Seattle Wine Blog

This blog is dedicated to commentary on all aspects of wine, especially short entries to help you find the best wines without the usual hype and spin. These are my frank, independent opinions, usually based on tasting wine at a public event, off the shelf or at the winery. "All creative acts must arise out of a specific soil and flicker with a spirit of place" -D.H. Lawrence

Friday, June 29, 2007

The Winemaker's Passion

Don Corson, winemaker and owner at Cameraderie Cellars generously took time out of his busy day when we arrived unannounced on a day when the winery was closed. We sat in one of his many gardens, talking about wine and Don’s many other interests. Right now, Don is reading Hildegard of Bingen and thinking about the sacred. It is a pleasure to talk with a man of such varied interests. Don is able to talk about wine from so many different perspectives – geology, religion, spirituality, enology, viticulture, culture to name just a few. I mentioned my post on the cheese nun and asked Don what he thought about her view on wild natural yeast and terroir. The risk with natural yeast is a spoiled fermentation which most small wineries can hardly afford, but Don is keenly aware of the role of yeast and its relation to terroir, and uses a wide variety of commercial yeasts to influence the fermentation.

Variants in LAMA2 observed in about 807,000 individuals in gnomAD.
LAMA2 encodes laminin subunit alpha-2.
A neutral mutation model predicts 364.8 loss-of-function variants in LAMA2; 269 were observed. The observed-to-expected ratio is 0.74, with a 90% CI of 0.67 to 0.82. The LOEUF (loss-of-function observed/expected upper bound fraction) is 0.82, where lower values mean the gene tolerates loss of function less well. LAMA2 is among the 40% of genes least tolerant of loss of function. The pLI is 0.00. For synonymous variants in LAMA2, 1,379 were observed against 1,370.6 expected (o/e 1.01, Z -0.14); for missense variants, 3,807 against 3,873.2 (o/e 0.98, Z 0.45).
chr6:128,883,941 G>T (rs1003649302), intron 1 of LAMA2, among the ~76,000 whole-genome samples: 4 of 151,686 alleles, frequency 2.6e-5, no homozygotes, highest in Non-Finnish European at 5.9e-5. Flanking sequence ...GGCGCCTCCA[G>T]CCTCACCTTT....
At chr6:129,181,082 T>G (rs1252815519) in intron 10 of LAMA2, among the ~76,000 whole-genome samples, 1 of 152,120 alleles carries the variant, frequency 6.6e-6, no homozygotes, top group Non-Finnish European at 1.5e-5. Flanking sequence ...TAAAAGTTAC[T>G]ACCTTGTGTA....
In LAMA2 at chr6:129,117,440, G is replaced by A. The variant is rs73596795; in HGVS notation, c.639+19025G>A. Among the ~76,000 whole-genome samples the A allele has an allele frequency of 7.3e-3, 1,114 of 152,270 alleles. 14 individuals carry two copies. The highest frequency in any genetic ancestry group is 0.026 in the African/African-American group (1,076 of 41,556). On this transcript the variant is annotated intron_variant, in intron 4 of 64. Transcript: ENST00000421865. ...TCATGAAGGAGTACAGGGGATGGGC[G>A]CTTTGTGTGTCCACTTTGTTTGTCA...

We talked about the faux counterterroiristes. The slogan, “it’s the land, stupid” really got a rise out of Don. “What about the winemaker’s passion?” Many winemakers coyly claim that if you have good grapes, the less they do to them, the better the wine, but Don pointed out that the winemaker has so many choices that influence the wine – cold fermentation, punch down, yeast inoculations, wood or steel, new or used barrels, French or American, barrel toast, time in the barrel, blending different varietals or vineyards etc,. Winemaking is an art, the winemaker is the artist, the wine is the medium. And as with all arts, the medium is an instrument and an extension of the artist. The artist always leaves his signature on the work of art in the form of style. That’s why it is so easy to tell a Picasso from a Van Gogh. It is simplistic the set up winemaker vs. terroir. Wine is the outcome of a complex interaction between the grape, the soil and the winemaker which evolves in so many different ways.

Don’s 2004s are fabulous. IMO, the best wines he has made. In this vintage he captures the essence of each varietal we tasted. The Cabernet Franc was deep but nottoo big, with intense black fruit flavors – smooth, seemless, and rich in flavor. The Cabernet Sauvignon was bigger and more structured, the Syrah broader. We had a bottle of the Trinquer with Chinese food that evening and it was a perfect match. Cameraderie wines are available in 16 states and provinces. They are available at wine shops and better supermarkets in the Seattle area and you will be sure to find them at the Tasting Room in downtown Seattle. But the best way to buy them is to drive out to Port Angeles and visit the tranquil, meditative gardens at the winery. Not only are the wines an expression of Don’ passion, but the winery is, too. Visit this oasis of peace and tranquillity set in the lush beauty of a northwest forest


  • At 1:47 PM, Anonymous Anonymous said…

    Don is a class act & winery a pleasure to visit.


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